So having survived the elections of 2000, 2004 and 2010, the Labour Party decided in September, 2013, that it was time to take the legislation to Parliament. They felt that they had avoided it successfully for long enough, and now they would pass the Integrity in Public Life Act.

But not so fast. They wouldn’t go all the way. They would pass an Act that would come into force on a future date,  if and when so appointed by the Minister of Justice and Legal Affairs.

Their hope was to get through the election without having the Minister bring the Act into force, then after the election, to put it on the shelf to gather cobwebs for as long as possible, not unlike the Motion of No Confidence matter. Remember that?

Let’s have a quick look at parts of the Act.

Its objective is to provide for a Code of Conduct and Declaration of Interests by public officials.

Its Code of Conduct states, among other things, that: (i) i public officials must avoid conflicts (real, potential or apparent) between their private interests and their public duties;(ii) they must  not take advantage of their position for private interest; and (iii) they must always conduct themselves in such a way that the public’s confidence and trust in the integrity, impartiality and effectiveness of the public services are preserved and enhanced.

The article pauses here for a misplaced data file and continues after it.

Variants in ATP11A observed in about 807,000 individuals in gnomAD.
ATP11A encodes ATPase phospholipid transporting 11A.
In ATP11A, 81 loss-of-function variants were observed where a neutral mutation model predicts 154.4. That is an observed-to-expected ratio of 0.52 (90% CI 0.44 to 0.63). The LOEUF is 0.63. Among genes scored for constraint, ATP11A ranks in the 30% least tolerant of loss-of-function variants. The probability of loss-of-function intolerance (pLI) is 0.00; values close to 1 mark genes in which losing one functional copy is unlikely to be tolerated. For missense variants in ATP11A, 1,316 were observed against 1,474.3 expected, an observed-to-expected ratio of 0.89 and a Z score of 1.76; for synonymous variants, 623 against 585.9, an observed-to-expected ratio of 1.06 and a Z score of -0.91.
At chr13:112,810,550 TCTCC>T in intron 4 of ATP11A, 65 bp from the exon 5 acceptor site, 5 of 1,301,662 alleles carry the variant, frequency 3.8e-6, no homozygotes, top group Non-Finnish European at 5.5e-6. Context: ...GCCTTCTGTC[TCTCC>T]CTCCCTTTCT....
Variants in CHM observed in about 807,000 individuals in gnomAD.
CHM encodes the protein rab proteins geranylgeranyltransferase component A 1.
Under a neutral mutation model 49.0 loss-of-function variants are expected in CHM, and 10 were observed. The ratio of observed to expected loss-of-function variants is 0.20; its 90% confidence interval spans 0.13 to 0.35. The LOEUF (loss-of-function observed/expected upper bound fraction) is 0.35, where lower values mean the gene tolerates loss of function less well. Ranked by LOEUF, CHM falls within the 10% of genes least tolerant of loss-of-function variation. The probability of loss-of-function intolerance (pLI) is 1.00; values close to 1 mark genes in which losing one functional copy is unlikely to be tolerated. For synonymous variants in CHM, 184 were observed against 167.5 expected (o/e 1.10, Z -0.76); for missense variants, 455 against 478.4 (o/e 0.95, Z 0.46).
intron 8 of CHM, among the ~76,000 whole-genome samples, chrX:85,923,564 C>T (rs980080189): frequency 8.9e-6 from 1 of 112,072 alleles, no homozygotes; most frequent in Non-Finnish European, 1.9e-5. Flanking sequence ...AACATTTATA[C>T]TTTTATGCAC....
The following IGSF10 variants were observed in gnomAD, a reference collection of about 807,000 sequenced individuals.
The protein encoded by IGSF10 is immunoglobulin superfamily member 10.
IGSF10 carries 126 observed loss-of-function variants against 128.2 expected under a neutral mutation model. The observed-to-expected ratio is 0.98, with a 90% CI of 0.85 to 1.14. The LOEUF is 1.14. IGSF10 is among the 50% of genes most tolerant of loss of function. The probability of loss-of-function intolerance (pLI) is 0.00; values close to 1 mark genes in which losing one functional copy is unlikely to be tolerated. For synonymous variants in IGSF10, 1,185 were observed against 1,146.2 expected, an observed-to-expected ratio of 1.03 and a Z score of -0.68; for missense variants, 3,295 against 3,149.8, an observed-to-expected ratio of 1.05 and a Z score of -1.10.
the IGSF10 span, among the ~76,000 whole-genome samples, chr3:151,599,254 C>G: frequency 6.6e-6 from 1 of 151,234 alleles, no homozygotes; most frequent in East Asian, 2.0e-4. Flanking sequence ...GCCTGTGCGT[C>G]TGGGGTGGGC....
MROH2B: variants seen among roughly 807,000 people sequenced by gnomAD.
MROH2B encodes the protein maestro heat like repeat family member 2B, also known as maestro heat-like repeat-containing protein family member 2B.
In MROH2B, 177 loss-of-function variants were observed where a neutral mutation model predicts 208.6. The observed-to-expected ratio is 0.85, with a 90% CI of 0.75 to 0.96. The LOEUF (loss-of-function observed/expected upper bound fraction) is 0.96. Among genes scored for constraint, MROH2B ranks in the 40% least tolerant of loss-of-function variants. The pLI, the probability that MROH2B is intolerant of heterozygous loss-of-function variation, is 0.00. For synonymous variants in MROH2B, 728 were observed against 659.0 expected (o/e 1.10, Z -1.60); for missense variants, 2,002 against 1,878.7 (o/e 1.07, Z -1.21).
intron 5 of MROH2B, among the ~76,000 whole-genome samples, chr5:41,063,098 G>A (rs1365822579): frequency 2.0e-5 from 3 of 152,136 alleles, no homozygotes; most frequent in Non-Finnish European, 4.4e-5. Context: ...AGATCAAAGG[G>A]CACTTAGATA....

Among the offences listed in the Act is abuse of office, which happens in a number of circumstances, for example: (i) if a public official seeks or accepts personal or private benefit for himself or herself or for a member of his or her family or a person associated with him or her, whether or not the benefit places him or her under an obligation to the person giving or receiving the benefit; or (ii) uses public funds or resources for private purposes, including party political purposes.

Abuse of office can cause a public official to cough up as much as $30,000.00 in fines, and serve up to five years in prison.

The Act also states that “a conflict of interest arises from a situation in which a public official has a private interest which is such as to influence, or appear to influence, the objective performance of his or her official duties”.

And “a public official private interest includes any advantage to himself or herself, to his or her family, close relatives, friends, and persons or organizations with whom he or she has had business or personal relations”..